The Garden of St. Erth, Blackwood

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Last Friday, the 2nd of October, I took advantage of the fine holiday weather to visit the Garden of St. Erth, Blackwood in the Great Dividing Range.

The present garden has been established around an old stone cottage built in the 1860s by Matthew Rogers, a Cornish stonemason, who came to the goldfields at Mt. Blackwood in 1854. Matthew Rogers named the cottage ‘St. Erth’ after his birthplace in Cornwall.

The two and a half hectare garden began to be developed in 1967 and is currently owned by the Diggers Garden and Environment Trust.

The garden is surrounded by the Wombat State Forest in a cool, wet climate. Plants flower later than in Castlemaine. The wisteria climbing over the cottage was still in bud whilst the wisterias in Castlemaine are in full, magnificent bloom.

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The garden features areas devoted to exotic trees and plants.

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The garden also features Australian native plants and drought tolerant plants.

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Wombats at work. Wombats like to mark their territory by leaving their droppings on logs and rocks. They also dig in the ground for edible roots.

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This is a fine specimen of a Cherry Ballart (Exocarpus cupressi formis). This Australian native small tree is found in local bushland. The Cherry Ballart is semi parasitic on the roots of other trees especially eucalypts. The maturing tree doesn’t adversely affect its host as it becomes self sufficient.

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The bees were having a field day.

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The blossoms on the fruit trees were brimming with bees which politely flew to one side whilst I took these photographs.

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I hadn’t seen this method of protecting vegetables before. The frames were constructed of garden stakes slotted into metal brackets then draped with netting.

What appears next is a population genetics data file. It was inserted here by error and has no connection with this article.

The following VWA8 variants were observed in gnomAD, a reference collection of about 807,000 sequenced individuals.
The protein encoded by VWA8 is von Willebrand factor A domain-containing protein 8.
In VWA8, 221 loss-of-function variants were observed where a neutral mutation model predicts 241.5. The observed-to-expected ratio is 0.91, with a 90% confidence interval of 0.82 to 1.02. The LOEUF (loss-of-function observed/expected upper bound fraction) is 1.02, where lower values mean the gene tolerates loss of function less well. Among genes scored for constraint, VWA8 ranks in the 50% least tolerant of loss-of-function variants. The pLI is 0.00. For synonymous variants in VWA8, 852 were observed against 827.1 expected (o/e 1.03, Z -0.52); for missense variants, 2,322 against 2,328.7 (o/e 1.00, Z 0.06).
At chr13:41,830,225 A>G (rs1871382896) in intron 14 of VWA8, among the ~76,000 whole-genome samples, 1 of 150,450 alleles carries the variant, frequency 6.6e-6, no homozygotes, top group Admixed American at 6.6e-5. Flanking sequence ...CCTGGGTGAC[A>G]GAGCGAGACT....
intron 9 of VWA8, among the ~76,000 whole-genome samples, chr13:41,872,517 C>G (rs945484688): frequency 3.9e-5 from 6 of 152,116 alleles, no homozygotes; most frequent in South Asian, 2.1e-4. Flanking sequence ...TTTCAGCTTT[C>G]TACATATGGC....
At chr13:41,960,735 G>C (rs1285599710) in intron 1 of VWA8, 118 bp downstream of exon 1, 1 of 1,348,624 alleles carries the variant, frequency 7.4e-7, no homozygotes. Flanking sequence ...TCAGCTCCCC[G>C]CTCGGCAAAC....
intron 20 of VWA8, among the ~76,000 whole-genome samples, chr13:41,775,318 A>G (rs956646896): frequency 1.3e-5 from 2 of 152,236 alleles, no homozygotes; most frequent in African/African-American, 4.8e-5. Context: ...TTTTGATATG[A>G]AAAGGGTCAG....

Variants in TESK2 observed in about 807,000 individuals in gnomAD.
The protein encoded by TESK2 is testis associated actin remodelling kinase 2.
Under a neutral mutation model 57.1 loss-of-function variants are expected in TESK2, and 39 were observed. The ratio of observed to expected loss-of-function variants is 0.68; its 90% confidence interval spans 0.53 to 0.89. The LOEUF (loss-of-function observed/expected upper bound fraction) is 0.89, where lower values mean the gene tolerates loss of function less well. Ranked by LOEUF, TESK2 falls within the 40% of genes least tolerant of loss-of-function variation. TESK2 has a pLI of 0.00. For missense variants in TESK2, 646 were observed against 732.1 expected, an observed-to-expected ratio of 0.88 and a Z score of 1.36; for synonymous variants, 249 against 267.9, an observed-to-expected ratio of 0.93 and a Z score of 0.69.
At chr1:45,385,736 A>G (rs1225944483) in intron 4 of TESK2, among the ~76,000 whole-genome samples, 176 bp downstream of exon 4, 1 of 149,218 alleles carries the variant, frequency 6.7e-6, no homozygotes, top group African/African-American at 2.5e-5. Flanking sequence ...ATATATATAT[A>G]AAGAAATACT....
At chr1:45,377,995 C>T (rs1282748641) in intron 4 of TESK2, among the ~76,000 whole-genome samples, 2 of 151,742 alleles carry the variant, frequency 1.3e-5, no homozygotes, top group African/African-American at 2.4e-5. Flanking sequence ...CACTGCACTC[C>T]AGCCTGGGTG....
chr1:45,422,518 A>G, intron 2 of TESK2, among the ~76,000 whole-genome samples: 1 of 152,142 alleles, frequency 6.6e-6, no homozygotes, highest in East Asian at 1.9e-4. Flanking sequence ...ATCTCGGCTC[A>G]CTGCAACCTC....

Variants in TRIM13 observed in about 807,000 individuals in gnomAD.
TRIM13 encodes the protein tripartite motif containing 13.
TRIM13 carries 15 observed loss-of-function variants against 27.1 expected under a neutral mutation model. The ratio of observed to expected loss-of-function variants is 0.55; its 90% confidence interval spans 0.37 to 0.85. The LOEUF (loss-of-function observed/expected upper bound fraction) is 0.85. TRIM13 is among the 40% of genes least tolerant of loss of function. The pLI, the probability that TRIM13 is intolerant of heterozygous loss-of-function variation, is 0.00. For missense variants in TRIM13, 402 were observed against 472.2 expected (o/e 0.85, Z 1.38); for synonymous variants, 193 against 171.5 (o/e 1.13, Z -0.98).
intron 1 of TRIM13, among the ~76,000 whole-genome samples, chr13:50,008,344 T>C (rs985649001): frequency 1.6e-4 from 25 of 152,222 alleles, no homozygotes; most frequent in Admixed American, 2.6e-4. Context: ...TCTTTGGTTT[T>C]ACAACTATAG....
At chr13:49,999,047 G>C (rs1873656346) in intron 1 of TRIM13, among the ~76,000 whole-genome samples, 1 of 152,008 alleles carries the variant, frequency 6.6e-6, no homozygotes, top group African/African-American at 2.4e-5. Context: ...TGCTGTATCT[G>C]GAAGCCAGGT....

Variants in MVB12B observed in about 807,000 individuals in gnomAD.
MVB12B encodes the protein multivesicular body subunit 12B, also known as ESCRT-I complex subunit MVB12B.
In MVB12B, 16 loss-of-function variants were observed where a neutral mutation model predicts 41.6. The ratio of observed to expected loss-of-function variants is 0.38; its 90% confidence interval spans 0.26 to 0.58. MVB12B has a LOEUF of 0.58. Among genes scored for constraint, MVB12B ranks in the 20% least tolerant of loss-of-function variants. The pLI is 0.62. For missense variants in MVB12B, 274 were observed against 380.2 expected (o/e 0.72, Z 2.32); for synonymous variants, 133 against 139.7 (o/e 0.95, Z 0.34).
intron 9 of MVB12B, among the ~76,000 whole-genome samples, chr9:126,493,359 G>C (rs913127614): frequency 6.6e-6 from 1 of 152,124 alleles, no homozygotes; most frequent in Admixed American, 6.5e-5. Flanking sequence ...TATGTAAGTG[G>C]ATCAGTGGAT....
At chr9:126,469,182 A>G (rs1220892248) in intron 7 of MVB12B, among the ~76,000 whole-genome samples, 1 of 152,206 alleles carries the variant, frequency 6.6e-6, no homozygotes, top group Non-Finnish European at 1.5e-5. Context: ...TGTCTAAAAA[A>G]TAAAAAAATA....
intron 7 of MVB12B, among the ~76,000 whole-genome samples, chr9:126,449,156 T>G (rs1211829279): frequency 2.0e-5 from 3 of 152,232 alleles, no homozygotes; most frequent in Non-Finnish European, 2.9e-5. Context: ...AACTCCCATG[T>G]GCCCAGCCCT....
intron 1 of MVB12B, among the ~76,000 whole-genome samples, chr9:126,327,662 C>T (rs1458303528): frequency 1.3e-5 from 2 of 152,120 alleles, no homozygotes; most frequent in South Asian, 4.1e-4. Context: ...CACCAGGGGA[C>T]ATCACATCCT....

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4 Responses

  1. What beautiful flora, Margaret! It’s such a beautiful place. Wombats leave territorial scat in a similar manner that foxes do. And I wonder if the wildlife netting works there? Here the netting is a nightmare, often catching more birds that end up dying or becoming mutilated by trying to escape. It’s very disturbing to find a dangling leg in the netting or discover a bird that perished in the hea unable to escape. I no longer use wildlife netting. Most of the time I incorporate plants that I know deter insects and hope they fend off birds as well. The rest I just share… there is usually plenty for everyone!

    • Hi Lori, I was interested to read of your experiences with netting.

      When I visit country gardens many of the vegetable patches, berry canes and fruit trees are protected in some way.

      I haven’t heard people talk about the netting causing harm to birds or possums. Perhaps that is something I could ask about.

  2. Hi Margaret,
    What a lovely stone cottage and I enjoyed all the beautiful flower shots and the information about wombats too. I once planned to grow wisterias at the place we lived in the outback but my goat ate the plants that the mail truck left outside my house gate. She pulled every single plant out of its pots before I could get to them! She also chewed through the cardboard boxes containing apples that he’d delivered. Thank you for the very enjoyable tour again. 🙂

    • Oh, Jane! The perils of Outback living!!! My brother who lives in suburban Melbourne has a wisteria which is slowly taking over the back of his double storey house. It is in the process of destroying the pergola which used to provide support and has reached the upper decking.
      I am glad you enjoyed the pictorial tour of the Garden of St. Erth.

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